Middlesex by Jeffrey Eugenides
2003 Pulitzer Prize winner
In the spring of 1974, Calliope Stephanides, a student at a girls’ school in Grosse Pointe, finds herself drawn to a chain-smoking, strawberry blond classmate with a gift for acting. The passion that furtively develops between them — along with Callie’s failure to develop — leads Callie to suspect that she is not like other girls. In fact, she is not really a girl at all.
The explanation for this shocking state of affairs takes us out of suburbia- back before the Detroit race riots of 1967, before the rise of the Motor City and Prohibition, to 1922, when the Turks sacked Smyrna and Callie’s grandparents fled for their lives. Back to a tiny village in Asia Minor where two lovers, and one rare genetic mutation, set in motion the metamorphosis that will turn Callie into a being both mythical and perfectly real: a hermaphrodite.
Spanning eight decades — and one unusually awkward adolescence — Jeffrey Eugenides’ second novel is a grand, utterly original fable of crossed bloodlines, the intricacies of gender, and the deep, untidy promptings of desire. (RM49.90)
Interpreter of Maladies by Jhumpa Lahiri
2000 Pulitzer Prize winner
Traveling from India to New England and back again, the stories in this extraordinary debut collection unerringly chart the emotional journeys of characters seeking love beyond the barriers of nations and generations. Imbued with the sensual details of Indian culture, they also speak with universal eloquence to everyone who has ever felt like a foreigner. Like the interpreter of the title story, Jhumpa Lahiri translates between the strict traditions of her ancestors and the baffling New World. Including two stories published in The New Yorker, Interpreter of Maladies introduces, in the words of Frederick Busch, “a writer with a steady, penetrating gaze. Lahiri honours the vastness and variousness of the world”. (RM39.90)
A Confederacy of Dunces by John Kennedy Toole
1981 Pulitzer Prize winner
After more than three decades, the peerless wit and indulgent absurdity of A Confederacy of Dunces continues to attract new readers. Though the manuscript was rejected by many publishers during Toole’s lifetime, his mother successfully published the book years after her son’s suicide, and it won the 1981 Pulitzer Prize for fiction. This literary underdog and comic masterpiece has sold more than two million copies in 23 languages.
The novel presents one of the most memorable protagonists in American literature, Ignatius J. Reilly, whom American author Walker Percy dubbed “slob extraordinaire, a mad Oliver Hardy, a fat Don Quixote, a perverse Thomas Aquinas rolled into one”. Set in New Orleans with a wild cast of characters including Ignatius and his mother; Miss Trixie, the octogenarian assistant accountant at Levi Pants; inept, wan Patrolman Mancuso; Darlene, the Bourbon Street stripper with a penchant for poultry; and Jones, the jivecat in space-age dark glasses, the novel serves as an outlandish but believable tribute to a city defined by its parade of eccentric denizens. (RM79.90)
To Kill A Mockingbird by Harper Lee
1961 Pulitzer Prize winner
This classic has been voted the most life changing book by a female author.
A black man has been charged with the rape of a white girl. Through the young eyes of Scout and Jem Finch, Harper Lee explores with exuberant humour the irrationality of adult attitudes to race and class in the Deep South of the 30s. The conscience of a town steeped in prejudice, violence and hypocrisy is pricked by the stamina of one man’s struggle for justice. But the weight of history will only tolerate so much.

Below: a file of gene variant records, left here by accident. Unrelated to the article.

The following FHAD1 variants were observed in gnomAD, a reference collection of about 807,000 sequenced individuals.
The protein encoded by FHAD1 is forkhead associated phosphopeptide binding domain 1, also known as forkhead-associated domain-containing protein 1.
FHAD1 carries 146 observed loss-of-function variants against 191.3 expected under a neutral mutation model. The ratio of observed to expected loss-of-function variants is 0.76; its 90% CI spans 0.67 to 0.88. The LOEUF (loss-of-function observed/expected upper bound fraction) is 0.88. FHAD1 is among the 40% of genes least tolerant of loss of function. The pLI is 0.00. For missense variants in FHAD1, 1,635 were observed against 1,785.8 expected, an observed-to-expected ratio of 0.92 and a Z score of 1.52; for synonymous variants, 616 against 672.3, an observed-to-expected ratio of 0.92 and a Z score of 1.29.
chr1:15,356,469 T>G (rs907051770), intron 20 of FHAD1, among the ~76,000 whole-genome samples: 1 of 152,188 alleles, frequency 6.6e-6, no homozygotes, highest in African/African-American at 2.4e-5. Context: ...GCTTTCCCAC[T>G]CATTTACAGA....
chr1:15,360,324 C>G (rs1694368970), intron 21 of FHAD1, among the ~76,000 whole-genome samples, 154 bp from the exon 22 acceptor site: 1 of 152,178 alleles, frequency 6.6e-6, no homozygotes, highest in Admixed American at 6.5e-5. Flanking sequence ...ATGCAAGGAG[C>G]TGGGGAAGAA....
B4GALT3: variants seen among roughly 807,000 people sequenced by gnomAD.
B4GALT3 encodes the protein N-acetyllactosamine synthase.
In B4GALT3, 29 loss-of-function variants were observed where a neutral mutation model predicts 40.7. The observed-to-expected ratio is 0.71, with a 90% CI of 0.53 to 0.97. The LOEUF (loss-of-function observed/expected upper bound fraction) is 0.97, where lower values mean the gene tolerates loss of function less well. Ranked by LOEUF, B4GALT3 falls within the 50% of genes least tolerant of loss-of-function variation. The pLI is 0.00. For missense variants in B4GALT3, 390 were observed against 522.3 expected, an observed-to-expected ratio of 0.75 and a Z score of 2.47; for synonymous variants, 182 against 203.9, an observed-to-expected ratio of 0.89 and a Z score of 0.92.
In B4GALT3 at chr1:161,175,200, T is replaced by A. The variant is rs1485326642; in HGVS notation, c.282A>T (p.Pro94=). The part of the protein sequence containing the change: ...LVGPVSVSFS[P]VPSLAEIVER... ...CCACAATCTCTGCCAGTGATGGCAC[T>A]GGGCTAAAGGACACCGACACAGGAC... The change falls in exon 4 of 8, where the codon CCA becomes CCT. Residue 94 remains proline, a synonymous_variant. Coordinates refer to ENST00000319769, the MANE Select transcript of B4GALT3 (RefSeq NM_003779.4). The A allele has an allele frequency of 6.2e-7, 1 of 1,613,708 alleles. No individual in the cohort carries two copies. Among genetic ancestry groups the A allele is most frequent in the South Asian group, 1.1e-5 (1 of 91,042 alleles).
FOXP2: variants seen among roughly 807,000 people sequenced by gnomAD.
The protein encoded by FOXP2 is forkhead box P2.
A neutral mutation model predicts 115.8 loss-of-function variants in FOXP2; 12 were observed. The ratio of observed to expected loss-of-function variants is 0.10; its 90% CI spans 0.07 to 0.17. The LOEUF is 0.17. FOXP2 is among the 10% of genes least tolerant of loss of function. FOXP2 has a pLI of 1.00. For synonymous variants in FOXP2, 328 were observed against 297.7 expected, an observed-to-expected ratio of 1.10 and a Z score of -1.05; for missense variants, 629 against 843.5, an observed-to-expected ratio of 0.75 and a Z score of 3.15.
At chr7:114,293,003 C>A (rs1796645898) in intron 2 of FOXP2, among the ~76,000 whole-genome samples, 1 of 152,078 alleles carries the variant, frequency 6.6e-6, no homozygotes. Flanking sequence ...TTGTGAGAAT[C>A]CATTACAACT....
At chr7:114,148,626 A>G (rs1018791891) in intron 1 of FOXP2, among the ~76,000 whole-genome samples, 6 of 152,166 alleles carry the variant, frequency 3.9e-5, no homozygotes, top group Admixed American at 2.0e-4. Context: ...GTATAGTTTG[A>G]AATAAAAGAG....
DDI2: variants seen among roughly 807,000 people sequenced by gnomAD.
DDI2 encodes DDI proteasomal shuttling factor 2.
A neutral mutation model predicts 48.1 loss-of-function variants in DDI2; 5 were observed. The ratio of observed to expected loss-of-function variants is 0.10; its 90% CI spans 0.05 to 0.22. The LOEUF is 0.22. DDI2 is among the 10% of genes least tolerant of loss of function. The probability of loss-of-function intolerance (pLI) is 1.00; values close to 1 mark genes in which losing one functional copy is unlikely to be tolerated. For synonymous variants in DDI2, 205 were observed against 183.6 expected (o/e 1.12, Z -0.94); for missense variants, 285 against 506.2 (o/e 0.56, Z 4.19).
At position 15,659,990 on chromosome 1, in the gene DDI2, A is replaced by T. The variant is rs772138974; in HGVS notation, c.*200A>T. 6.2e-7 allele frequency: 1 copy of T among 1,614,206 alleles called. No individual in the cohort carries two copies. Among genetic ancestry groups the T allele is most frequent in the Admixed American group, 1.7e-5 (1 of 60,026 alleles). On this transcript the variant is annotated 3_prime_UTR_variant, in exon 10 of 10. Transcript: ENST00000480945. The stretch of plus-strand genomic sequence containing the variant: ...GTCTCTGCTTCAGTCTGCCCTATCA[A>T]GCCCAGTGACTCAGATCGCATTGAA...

To Kill a Mockingbird is a coming-of-age story, an anti-racist novel, a historical drama of the Great Depression and a sublime example of the Southern writing tradition. (RM59.90)
The Old Man and the Sea by Ernest Hemingway
1953 Pulitzer Prize winner
Told in language of great simplicity and power, this is the story of an old Cuban fisherman, down on his luck, and his supreme ordeal — a relentless, agonising battle with a giant marlin far out in the Gulf Stream. Here Hemingway recasts, in strikingly contemporary style, the classic theme of courage in the face of defeat, of personal triumph won from loss. (RM42.90)
Gone with the Wind by Margaret Mitchell
1937 Pulitzer Prize winner
Widely considered The Great American Novel, and often remembered for its epic film version, Gone With the Wind explores the depth of human passions with an intensity as bold as its setting in the red hills of Georgia. A superb piece of storytelling, it vividly depicts the drama of the Civil War and Reconstruction.
A sweeping story of tangled passion and courage, it tells the tale of Scarlett O’Hara, the spoiled, manipulative daughter of a wealthy plantation owner, who arrives at young womanhood just in time to see the Civil War forever change her way of life.
Many novels have been written about the American Civil War and its aftermath. But none take us into the burning fields and cities of the American South as Gone With the Wind does, creating haunting scenes and thrilling portraits of characters so vivid that we remember their words and feel their fear and hunger for the rest of our lives. (RM49.90)
The Good Earth by Pearl S. Buck
1932 Pulitzer Prize winner
When O-lan, a servant girl, marries the peasant Wang Lung, she toils tirelessly through four pregnancies for their family’s survival. Reward at first is meagre, but there is sustenance in the land — until the famine comes. Half-starved, the family joins thousands of peasants to beg on the city streets. It seems that all is lost, until O-lan’s desperate will to survive returns them home with undreamt of wealth. But they have betrayed the earth from which true wealth springs, and the family’s money breeds only mistrust, deception and heartbreak for the woman who had saved them. The Good Earth is a riveting family saga and story of female sacrifice — a classic of 20th century literature.
Nobel Prize winner Pearl S. Buck traces the whole cycle of life: its terrors, its passions, its ambitions and rewards. Her brilliant novel is a universal tale of an ordinary family caught in the tide of history. (RM44.90)
*The Pulitzer Prize winners for 2018 will be announced on April 16.